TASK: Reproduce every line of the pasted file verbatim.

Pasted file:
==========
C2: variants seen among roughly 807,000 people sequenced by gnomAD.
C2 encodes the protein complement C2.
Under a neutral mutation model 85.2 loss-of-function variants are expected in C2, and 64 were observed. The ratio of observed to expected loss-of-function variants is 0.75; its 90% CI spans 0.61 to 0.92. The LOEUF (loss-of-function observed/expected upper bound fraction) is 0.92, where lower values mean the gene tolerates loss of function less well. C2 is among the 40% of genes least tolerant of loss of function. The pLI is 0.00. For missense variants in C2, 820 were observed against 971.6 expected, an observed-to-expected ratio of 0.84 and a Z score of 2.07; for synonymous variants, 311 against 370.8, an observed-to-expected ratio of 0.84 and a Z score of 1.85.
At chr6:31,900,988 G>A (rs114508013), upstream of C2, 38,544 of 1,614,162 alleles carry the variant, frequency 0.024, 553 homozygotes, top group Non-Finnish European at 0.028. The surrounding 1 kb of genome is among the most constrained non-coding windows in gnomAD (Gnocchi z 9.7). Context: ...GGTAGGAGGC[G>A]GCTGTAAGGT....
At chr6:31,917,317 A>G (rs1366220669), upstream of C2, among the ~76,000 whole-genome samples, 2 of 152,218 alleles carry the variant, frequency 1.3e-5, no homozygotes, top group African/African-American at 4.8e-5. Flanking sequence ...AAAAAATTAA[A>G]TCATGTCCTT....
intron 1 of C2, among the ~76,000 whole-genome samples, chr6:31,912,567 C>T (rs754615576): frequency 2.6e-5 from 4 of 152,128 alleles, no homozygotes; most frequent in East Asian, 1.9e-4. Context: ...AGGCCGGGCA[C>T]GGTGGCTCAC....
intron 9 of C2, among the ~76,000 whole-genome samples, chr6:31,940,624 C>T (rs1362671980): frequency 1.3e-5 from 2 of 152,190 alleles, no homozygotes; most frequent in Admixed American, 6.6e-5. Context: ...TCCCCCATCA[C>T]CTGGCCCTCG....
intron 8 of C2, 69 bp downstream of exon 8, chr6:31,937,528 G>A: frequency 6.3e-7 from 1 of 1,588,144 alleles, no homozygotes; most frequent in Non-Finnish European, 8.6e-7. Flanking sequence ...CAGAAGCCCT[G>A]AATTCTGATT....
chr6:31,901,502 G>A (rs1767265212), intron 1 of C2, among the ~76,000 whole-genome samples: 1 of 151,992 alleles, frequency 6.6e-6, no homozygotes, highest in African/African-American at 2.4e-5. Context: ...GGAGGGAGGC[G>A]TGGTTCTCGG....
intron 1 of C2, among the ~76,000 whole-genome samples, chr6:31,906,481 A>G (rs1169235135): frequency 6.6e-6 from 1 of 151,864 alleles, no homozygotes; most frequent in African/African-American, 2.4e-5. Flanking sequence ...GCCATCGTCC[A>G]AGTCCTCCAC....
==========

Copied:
C2: variants seen among roughly 807,000 people sequenced by gnomAD.
C2 encodes the protein complement C2.
Under a neutral mutation model 85.2 loss-of-function variants are expected in C2, and 64 were observed. The ratio of observed to expected loss-of-function variants is 0.75; its 90% CI spans 0.61 to 0.92. The LOEUF (loss-of-function observed/expected upper bound fraction) is 0.92, where lower values mean the gene tolerates loss of function less well. C2 is among the 40% of genes least tolerant of loss of function. The pLI is 0.00. For missense variants in C2, 820 were observed against 971.6 expected, an observed-to-expected ratio of 0.84 and a Z score of 2.07; for synonymous variants, 311 against 370.8, an observed-to-expected ratio of 0.84 and a Z score of 1.85.
At chr6:31,900,988 G>A (rs114508013), upstream of C2, 38,544 of 1,614,162 alleles carry the variant, frequency 0.024, 553 homozygotes, top group Non-Finnish European at 0.028. The surrounding 1 kb of genome is among the most constrained non-coding windows in gnomAD (Gnocchi z 9.7). Context: ...GGTAGGAGGC[G>A]GCTGTAAGGT....
At chr6:31,917,317 A>G (rs1366220669), upstream of C2, among the ~76,000 whole-genome samples, 2 of 152,218 alleles carry the variant, frequency 1.3e-5, no homozygotes, top group African/African-American at 4.8e-5. Flanking sequence ...AAAAAATTAA[A>G]TCATGTCCTT....
intron 1 of C2, among the ~76,000 whole-genome samples, chr6:31,912,567 C>T (rs754615576): frequency 2.6e-5 from 4 of 152,128 alleles, no homozygotes; most frequent in East Asian, 1.9e-4. Context: ...AGGCCGGGCA[C>T]GGTGGCTCAC....
intron 9 of C2, among the ~76,000 whole-genome samples, chr6:31,940,624 C>T (rs1362671980): frequency 1.3e-5 from 2 of 152,190 alleles, no homozygotes; most frequent in Admixed American, 6.6e-5. Context: ...TCCCCCATCA[C>T]CTGGCCCTCG....
intron 8 of C2, 69 bp downstream of exon 8, chr6:31,937,528 G>A: frequency 6.3e-7 from 1 of 1,588,144 alleles, no homozygotes; most frequent in Non-Finnish European, 8.6e-7. Flanking sequence ...CAGAAGCCCT[G>A]AATTCTGATT....
chr6:31,901,502 G>A (rs1767265212), intron 1 of C2, among the ~76,000 whole-genome samples: 1 of 151,992 alleles, frequency 6.6e-6, no homozygotes, highest in African/African-American at 2.4e-5. Context: ...GGAGGGAGGC[G>A]TGGTTCTCGG....
intron 1 of C2, among the ~76,000 whole-genome samples, chr6:31,906,481 A>G (rs1169235135): frequency 6.6e-6 from 1 of 151,864 alleles, no homozygotes; most frequent in African/African-American, 2.4e-5. Flanking sequence ...GCCATCGTCC[A>G]AGTCCTCCAC....